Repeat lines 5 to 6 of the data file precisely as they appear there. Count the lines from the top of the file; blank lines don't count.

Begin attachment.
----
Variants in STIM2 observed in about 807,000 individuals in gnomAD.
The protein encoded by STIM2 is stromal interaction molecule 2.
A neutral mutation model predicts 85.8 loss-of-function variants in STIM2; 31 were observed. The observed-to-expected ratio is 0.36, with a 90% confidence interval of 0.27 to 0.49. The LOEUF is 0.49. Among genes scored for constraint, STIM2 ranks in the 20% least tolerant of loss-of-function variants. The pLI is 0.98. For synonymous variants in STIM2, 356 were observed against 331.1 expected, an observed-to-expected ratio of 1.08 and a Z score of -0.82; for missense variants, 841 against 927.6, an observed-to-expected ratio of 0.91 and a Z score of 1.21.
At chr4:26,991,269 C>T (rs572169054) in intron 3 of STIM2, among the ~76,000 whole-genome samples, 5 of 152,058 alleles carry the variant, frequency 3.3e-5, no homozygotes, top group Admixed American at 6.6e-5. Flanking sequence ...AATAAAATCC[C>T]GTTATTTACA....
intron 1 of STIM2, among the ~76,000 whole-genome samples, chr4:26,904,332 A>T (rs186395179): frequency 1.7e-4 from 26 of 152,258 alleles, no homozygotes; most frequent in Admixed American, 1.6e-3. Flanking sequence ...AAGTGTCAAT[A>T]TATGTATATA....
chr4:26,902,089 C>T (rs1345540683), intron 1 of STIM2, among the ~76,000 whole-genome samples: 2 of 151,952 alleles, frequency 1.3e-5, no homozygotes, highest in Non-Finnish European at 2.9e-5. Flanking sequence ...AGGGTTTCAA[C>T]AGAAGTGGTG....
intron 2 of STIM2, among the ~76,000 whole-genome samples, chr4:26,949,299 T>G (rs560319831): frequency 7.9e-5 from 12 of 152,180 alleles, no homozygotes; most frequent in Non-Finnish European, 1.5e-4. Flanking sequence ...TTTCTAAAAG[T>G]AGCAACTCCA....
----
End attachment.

intron 1 of STIM2, among the ~76,000 whole-genome samples, chr4:26,904,332 A>T (rs186395179): frequency 1.7e-4 from 26 of 152,258 alleles, no homozygotes; most frequent in Admixed American, 1.6e-3. Flanking sequence ...AAGTGTCAAT[A>T]TATGTATATA....
chr4:26,902,089 C>T (rs1345540683), intron 1 of STIM2, among the ~76,000 whole-genome samples: 2 of 151,952 alleles, frequency 1.3e-5, no homozygotes, highest in Non-Finnish European at 2.9e-5. Flanking sequence ...AGGGTTTCAA[C>T]AGAAGTGGTG....